I transformed abandoned inkjet printers into a remarkable pen plotter, starting from scratch in Fusion360. By repurposing the scanner stepper motors and the document feeder motor, and incorporating sturdy steel rods into the machine, I successfully crafted a pen plotter with an impressive printing area of 230mmx230mm. You’ll love the flexibility it offers – you can design your own tools using the ‘hot shoe’ tool holder concept. The combination of these elements, along with meticulously crafted 3D printed components, culminates in the creation of a truly unique pen plotter.
These are the parts required for this part of the build. Keep ALL the parts to the printer until the very end of the series.
2 x MFC-290C. This is the printer I used but I see even modern Brother printers use the same scanner assembly.
Step 2: Insert Steel Rods Into X-axis Motor Holder
Begin by assembling the x-axis motor holder and the two 8mm steel rods. Carefully insert the rods into the designated holes on the motor holder. Since the rod diameter and the holes in the motor holder are identical, the fit will be snug. This precise fit ensures a secure assembly with no room for movement. To assist with the insertion process, you can position the back of the motor holder on the corner of a table and gently tap the rods into place using a hammer.
Step 3: Slide the X Axis Shuttle on to the X-axis Rods.
Next, carefully slide the X shuttle onto the metal rods. Take note of the sensor flag, which is indicated in red. Ensure that the flag is facing towards the motor holder assembly. At the base of the motor holder, there is a sensor that is activated by this flag. Proper alignment of the flag is crucial for the sensor to function correctly
Collect the x-axis tension holder and slide it onto the x-axis rods. Securely attach the x-axis tension spring and pulley holder onto the top of the tension holder using screws. Integrate the spring and tension pulley into the assembly, ensuring they are properly aligned and functioning smoothly
Position the stepper motor and gearbox on top of the X motor holder assembly. Take the belt, indicated in green, and thread it around the tension pulley, creating a loop. Then, wrap the belt around the motor belt drive gear. Securely fasten the motor into place using screws, ensuring a stable and secure attachment.
The x-motor holder conveniently houses both the Y and X homing sensors. Insert the Y sensor into the designated Y sensor keeper and securely screw it into place. Additionally, position the X home sensor at the base of the unit, ensuring proper alignment for optimal functionality.
To assemble the Y-axis motor holder, attach it to the X-axis shuttle by aligning the corresponding holes. It’s important to note (as shown in the picture) that the red screw should be a short screw. Using a long screw can result in it inadvertently screwing into the X-axis steel rod, obstructing movement and potentially causing damage to the rod.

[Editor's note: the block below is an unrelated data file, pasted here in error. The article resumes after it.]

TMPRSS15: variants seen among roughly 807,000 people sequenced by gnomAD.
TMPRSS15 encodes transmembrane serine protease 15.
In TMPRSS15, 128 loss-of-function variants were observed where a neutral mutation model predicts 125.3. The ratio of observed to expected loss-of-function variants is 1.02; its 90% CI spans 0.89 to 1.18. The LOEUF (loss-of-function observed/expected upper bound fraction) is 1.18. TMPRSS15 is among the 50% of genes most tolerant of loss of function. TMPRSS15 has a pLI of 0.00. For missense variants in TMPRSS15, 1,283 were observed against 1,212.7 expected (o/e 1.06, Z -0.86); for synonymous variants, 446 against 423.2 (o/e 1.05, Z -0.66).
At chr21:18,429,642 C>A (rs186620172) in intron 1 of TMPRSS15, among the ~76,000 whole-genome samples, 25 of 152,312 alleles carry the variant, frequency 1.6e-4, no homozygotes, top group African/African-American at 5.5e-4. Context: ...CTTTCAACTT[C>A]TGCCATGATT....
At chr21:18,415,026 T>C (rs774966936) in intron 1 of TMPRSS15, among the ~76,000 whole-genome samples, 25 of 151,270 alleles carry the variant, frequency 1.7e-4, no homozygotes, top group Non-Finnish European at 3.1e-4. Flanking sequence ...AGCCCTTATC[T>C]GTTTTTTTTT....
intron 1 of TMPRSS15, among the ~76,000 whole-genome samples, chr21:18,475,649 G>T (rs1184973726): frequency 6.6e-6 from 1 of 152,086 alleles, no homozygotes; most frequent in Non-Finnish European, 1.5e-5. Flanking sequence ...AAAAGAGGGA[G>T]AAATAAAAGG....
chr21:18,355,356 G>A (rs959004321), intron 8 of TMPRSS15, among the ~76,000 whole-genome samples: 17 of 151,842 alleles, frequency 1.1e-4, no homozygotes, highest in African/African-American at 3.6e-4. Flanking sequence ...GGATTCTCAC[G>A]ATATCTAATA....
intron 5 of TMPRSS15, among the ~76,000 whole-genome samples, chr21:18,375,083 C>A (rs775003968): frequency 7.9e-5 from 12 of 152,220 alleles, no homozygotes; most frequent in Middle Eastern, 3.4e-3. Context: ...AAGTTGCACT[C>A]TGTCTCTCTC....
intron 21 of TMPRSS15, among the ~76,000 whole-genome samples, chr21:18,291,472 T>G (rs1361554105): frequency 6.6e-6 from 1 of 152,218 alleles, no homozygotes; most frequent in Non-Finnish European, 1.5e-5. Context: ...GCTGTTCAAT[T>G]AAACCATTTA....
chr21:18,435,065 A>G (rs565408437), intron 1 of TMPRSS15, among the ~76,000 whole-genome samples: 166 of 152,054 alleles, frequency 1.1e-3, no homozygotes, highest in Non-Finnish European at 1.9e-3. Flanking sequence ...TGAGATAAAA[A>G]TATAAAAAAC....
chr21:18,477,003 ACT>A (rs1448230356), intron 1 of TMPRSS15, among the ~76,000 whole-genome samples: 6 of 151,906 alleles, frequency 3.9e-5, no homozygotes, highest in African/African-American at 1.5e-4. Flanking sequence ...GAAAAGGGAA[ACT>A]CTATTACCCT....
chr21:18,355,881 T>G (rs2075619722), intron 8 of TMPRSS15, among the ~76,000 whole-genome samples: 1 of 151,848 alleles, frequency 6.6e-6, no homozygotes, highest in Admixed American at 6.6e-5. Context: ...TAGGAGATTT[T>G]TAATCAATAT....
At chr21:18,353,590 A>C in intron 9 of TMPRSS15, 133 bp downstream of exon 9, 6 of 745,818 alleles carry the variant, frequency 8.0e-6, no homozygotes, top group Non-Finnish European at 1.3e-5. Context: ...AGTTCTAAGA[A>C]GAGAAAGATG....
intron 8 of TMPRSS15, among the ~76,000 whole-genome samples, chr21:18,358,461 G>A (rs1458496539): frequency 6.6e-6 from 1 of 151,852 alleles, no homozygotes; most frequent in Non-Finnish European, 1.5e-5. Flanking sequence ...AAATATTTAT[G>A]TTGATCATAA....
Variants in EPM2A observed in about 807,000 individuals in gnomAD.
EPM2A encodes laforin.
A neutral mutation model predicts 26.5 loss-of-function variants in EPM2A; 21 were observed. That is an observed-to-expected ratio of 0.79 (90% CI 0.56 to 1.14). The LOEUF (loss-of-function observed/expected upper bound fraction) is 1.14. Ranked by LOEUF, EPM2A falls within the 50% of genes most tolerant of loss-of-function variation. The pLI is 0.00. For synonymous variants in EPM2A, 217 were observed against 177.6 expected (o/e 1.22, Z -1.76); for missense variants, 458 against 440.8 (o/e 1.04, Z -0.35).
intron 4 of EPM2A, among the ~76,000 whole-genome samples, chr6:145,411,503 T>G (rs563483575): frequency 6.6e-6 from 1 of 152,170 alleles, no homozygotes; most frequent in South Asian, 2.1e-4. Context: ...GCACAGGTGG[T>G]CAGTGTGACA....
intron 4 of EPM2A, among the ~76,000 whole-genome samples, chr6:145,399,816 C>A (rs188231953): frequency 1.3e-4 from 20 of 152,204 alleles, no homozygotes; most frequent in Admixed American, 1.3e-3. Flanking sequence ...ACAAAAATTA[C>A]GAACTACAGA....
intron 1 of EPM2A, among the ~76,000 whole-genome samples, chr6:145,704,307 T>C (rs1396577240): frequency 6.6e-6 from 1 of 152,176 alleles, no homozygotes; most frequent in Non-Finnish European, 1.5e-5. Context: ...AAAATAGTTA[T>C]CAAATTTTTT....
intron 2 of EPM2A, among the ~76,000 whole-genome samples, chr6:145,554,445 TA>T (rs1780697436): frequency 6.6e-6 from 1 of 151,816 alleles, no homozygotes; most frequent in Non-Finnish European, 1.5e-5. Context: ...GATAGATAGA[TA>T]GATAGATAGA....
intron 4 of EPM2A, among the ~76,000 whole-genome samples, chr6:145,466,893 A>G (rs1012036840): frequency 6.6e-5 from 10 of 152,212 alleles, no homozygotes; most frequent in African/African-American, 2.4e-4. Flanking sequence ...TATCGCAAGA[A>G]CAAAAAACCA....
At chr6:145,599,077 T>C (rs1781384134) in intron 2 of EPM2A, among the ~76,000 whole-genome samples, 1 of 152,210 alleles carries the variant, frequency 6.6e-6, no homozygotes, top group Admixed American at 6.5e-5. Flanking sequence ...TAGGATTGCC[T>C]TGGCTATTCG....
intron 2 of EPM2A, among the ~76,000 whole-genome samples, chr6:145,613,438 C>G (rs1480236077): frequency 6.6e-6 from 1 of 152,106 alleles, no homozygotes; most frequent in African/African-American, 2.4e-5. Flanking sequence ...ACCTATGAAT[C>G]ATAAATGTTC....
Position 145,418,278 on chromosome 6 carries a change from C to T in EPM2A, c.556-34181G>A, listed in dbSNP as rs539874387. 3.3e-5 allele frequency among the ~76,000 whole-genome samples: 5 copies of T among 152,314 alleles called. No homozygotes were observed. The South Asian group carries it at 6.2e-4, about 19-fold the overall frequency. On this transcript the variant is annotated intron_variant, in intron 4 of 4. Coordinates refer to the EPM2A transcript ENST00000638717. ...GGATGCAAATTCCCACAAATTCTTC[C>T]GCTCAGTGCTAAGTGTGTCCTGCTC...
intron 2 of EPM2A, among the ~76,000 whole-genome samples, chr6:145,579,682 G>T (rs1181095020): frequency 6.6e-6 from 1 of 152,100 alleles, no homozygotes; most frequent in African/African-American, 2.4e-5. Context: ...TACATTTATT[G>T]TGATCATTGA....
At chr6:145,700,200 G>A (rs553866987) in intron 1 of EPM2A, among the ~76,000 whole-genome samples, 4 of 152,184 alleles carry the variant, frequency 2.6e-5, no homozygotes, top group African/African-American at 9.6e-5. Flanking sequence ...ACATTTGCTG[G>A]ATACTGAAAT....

Step 14: Install Belts Into Shuttles
Thread the belt through the serrations in the Y-Axis motor holder, ensuring a snug fit. Although it may be a tight fit, carefully guide the belt through the serrations. Repeat the same process for the Y-Axis shuttle, feeding the belt through the corresponding serrations. In the images, the belt is represented by the color green to aid in visualization.
Take one end of the belt and wrap it around the y-axis pulley. Then, guide the other end around the motor drive pulley and ensure it is properly aligned. Proceed to screw the motor into place securely. It’s important to note that the motor assembly is upside down compared to the x-axis configuration.
This concludes the construction of the X and Y axis! Turn the motor on each axis to make sure the move each shuttle freely.
Step 17: Assemble Tool Head
You have the flexibility to create your own tool head for the pen plotter, and it’s straightforward to attach your custom design to the Y-axis shuttle. In my design, I utilized the stepper motor from the printer’s document handler. This choice was made to ensure that all the parts used (excluding the 3D printed components) are sourced from the provided printers.
It’s worth noting that while it is common to use servos to activate the pen, they tend to burn out over time. By using a stepper motor, I aimed to achieve a more reliable mechanism. To simplify the explanation, I have color-coded the gears in the picture.
When attaching the motor, make sure to screw it in with the plug pointing in the direction depicted in the picture. The screws should be inserted from the front side, and you should have a few machine screws with captured washers at your disposal.
Red gear. This is the gear attached to the stepper motor. The diameter of the motor gear is bigger than the hole in the gear itself. Heat up the gear with a heat gun or similar then push the plastic gear into the stepper gear. This will create a tight fit.
Push the green gear on with the larger gear to the back.
Push on the blue gear, and the washer and finally screw this in place.
The yellow pen holder feeds in from the bottom.
To finish off slide one more sensor across the top of the tool. This is for Z-axis homing.
Now that the machine is fully assembled, the next step is to securely attach it to a flat and sturdy piece of wood. Place the unit on the wood and carefully mark out the hole positions provided on the X-axis motor holder and tensioner holder. Use a drill with a 2mm bit to create holes in each of the marked-out locations.
Finally, fasten the pen plotter onto the designated location by screwing it firmly into place.
Congratulations on completing the assembly! If you are already familiar with GRBL, configuring the software side of things should be relatively straightforward for you. However, if you are new to it, you’re in luck because I can guide you through the process in my next tutorial on installing and configuring GRBL you can find this here.